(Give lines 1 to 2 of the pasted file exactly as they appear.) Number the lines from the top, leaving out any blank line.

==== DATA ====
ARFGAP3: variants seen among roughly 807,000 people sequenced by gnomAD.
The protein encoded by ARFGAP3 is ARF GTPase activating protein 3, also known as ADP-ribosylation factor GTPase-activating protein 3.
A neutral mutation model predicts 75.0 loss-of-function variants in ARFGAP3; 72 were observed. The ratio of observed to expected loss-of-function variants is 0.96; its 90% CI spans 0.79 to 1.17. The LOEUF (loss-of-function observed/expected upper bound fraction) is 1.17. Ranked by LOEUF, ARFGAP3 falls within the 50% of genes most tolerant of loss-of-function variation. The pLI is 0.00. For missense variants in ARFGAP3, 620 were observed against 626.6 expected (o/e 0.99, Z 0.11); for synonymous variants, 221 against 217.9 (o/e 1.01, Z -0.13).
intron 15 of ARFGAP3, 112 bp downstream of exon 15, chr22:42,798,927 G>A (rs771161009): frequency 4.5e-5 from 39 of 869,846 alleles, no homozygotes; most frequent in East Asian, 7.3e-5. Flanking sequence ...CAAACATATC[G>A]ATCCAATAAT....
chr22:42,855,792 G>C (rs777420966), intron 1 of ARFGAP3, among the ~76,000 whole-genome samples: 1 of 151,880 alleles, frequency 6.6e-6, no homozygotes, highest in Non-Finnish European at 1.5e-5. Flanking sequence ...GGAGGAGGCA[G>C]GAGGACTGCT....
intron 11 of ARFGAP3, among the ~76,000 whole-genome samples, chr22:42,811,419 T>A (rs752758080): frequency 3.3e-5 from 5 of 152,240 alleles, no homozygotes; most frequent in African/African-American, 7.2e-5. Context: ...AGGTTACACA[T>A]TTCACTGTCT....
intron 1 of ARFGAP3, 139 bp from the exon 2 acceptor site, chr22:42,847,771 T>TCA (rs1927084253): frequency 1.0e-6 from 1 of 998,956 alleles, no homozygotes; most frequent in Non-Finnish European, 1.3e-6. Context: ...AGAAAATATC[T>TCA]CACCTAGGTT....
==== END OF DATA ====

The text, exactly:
ARFGAP3: variants seen among roughly 807,000 people sequenced by gnomAD.
The protein encoded by ARFGAP3 is ARF GTPase activating protein 3, also known as ADP-ribosylation factor GTPase-activating protein 3.